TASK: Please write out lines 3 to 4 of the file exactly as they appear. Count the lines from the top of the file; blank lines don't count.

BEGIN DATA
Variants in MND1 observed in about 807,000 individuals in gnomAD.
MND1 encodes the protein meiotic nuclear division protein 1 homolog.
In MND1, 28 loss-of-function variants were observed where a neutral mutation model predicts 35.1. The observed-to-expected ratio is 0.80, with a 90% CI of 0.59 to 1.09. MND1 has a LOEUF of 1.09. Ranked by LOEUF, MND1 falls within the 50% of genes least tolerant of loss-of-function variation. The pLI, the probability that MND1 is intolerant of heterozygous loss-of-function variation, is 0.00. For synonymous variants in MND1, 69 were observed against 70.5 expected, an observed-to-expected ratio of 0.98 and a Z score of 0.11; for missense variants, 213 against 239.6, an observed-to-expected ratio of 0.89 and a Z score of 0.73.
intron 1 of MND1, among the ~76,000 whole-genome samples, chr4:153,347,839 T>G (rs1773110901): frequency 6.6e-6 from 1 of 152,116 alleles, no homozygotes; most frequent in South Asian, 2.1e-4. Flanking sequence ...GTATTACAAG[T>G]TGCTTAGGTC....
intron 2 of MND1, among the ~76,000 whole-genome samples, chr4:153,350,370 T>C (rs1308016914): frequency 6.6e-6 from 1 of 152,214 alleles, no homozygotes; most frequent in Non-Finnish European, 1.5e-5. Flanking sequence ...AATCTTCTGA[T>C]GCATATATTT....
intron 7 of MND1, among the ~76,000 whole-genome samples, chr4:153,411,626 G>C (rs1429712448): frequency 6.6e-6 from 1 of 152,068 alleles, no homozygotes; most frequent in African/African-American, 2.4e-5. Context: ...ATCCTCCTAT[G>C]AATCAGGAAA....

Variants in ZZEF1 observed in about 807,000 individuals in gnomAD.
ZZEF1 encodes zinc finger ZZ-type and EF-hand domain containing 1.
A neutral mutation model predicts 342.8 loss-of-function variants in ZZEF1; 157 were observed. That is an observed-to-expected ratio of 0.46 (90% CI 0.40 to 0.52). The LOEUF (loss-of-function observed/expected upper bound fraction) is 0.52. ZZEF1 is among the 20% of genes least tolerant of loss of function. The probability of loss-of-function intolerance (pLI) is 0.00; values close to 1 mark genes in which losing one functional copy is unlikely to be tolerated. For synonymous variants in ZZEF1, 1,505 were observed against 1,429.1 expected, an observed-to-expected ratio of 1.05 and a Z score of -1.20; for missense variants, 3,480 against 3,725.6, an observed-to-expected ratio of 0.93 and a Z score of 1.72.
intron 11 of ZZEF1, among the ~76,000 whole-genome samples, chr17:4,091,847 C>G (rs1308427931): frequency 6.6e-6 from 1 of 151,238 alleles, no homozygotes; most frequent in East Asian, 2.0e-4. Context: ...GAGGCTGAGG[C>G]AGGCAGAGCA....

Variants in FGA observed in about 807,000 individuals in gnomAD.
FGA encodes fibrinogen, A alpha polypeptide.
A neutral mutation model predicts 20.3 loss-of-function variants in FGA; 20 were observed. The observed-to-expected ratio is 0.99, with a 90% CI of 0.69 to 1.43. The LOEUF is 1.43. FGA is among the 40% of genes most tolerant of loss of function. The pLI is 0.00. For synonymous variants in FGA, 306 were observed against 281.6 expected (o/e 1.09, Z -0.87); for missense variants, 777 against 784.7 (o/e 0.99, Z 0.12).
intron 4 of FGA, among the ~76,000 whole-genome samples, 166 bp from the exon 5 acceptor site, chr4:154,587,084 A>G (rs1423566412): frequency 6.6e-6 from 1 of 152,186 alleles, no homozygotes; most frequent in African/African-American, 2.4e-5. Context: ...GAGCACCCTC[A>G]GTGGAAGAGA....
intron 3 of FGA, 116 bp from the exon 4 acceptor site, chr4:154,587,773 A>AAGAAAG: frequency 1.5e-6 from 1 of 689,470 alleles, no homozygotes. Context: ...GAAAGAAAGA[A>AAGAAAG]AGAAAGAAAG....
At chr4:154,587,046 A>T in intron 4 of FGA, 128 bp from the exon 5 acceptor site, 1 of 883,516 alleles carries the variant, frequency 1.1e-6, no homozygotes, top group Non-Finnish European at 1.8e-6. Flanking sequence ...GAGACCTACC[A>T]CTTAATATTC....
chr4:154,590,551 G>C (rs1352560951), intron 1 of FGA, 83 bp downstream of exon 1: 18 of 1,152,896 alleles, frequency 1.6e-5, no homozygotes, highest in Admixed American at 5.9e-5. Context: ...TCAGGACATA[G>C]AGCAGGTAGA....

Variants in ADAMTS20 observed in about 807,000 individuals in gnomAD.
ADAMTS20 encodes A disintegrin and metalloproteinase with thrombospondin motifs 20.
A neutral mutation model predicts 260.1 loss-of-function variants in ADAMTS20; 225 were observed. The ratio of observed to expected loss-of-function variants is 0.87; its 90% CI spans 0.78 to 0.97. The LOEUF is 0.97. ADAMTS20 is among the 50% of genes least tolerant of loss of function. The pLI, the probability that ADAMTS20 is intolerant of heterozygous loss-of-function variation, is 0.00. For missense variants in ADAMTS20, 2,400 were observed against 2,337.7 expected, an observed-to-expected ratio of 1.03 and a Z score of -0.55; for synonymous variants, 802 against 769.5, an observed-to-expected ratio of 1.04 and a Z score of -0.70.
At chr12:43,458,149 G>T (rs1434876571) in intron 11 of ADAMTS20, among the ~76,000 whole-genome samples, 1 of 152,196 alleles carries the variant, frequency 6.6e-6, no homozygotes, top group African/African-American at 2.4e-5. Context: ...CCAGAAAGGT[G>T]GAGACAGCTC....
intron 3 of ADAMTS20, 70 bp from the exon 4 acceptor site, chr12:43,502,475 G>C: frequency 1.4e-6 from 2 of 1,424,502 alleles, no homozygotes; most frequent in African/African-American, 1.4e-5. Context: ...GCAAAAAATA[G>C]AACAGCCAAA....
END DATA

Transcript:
In MND1, 28 loss-of-function variants were observed where a neutral mutation model predicts 35.1. The observed-to-expected ratio is 0.80, with a 90% CI of 0.59 to 1.09. MND1 has a LOEUF of 1.09. Ranked by LOEUF, MND1 falls within the 50% of genes least tolerant of loss-of-function variation. The pLI, the probability that MND1 is intolerant of heterozygous loss-of-function variation, is 0.00. For synonymous variants in MND1, 69 were observed against 70.5 expected, an observed-to-expected ratio of 0.98 and a Z score of 0.11; for missense variants, 213 against 239.6, an observed-to-expected ratio of 0.89 and a Z score of 0.73.
intron 1 of MND1, among the ~76,000 whole-genome samples, chr4:153,347,839 T>G (rs1773110901): frequency 6.6e-6 from 1 of 152,116 alleles, no homozygotes; most frequent in South Asian, 2.1e-4. Flanking sequence ...GTATTACAAG[T>G]TGCTTAGGTC....